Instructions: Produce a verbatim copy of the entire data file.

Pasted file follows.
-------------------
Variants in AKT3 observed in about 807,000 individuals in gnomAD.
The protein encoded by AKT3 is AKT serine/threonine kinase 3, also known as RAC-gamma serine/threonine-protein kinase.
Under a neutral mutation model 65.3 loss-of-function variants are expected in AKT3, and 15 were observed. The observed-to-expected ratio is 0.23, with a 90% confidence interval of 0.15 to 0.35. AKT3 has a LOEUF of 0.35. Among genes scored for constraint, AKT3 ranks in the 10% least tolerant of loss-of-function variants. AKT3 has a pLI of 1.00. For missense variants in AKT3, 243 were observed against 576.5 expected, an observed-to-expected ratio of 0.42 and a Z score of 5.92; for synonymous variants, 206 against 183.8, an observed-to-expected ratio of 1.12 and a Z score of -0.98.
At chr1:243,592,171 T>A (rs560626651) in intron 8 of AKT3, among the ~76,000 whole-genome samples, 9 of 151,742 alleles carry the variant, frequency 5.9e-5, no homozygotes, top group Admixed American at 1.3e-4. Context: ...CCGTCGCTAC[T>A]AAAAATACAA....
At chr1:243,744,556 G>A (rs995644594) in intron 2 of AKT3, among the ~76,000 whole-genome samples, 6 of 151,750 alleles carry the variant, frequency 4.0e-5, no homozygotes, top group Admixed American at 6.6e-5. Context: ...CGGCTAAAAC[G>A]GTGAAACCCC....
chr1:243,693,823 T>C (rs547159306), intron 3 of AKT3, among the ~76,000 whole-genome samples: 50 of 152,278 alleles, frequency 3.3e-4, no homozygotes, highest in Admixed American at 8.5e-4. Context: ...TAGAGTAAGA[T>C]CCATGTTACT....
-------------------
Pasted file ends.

Variants in AKT3 observed in about 807,000 individuals in gnomAD.
The protein encoded by AKT3 is AKT serine/threonine kinase 3, also known as RAC-gamma serine/threonine-protein kinase.
Under a neutral mutation model 65.3 loss-of-function variants are expected in AKT3, and 15 were observed. The observed-to-expected ratio is 0.23, with a 90% confidence interval of 0.15 to 0.35. AKT3 has a LOEUF of 0.35. Among genes scored for constraint, AKT3 ranks in the 10% least tolerant of loss-of-function variants. AKT3 has a pLI of 1.00. For missense variants in AKT3, 243 were observed against 576.5 expected, an observed-to-expected ratio of 0.42 and a Z score of 5.92; for synonymous variants, 206 against 183.8, an observed-to-expected ratio of 1.12 and a Z score of -0.98.
At chr1:243,592,171 T>A (rs560626651) in intron 8 of AKT3, among the ~76,000 whole-genome samples, 9 of 151,742 alleles carry the variant, frequency 5.9e-5, no homozygotes, top group Admixed American at 1.3e-4. Context: ...CCGTCGCTAC[T>A]AAAAATACAA....
At chr1:243,744,556 G>A (rs995644594) in intron 2 of AKT3, among the ~76,000 whole-genome samples, 6 of 151,750 alleles carry the variant, frequency 4.0e-5, no homozygotes, top group Admixed American at 6.6e-5. Context: ...CGGCTAAAAC[G>A]GTGAAACCCC....
chr1:243,693,823 T>C (rs547159306), intron 3 of AKT3, among the ~76,000 whole-genome samples: 50 of 152,278 alleles, frequency 3.3e-4, no homozygotes, highest in Admixed American at 8.5e-4. Context: ...TAGAGTAAGA[T>C]CCATGTTACT....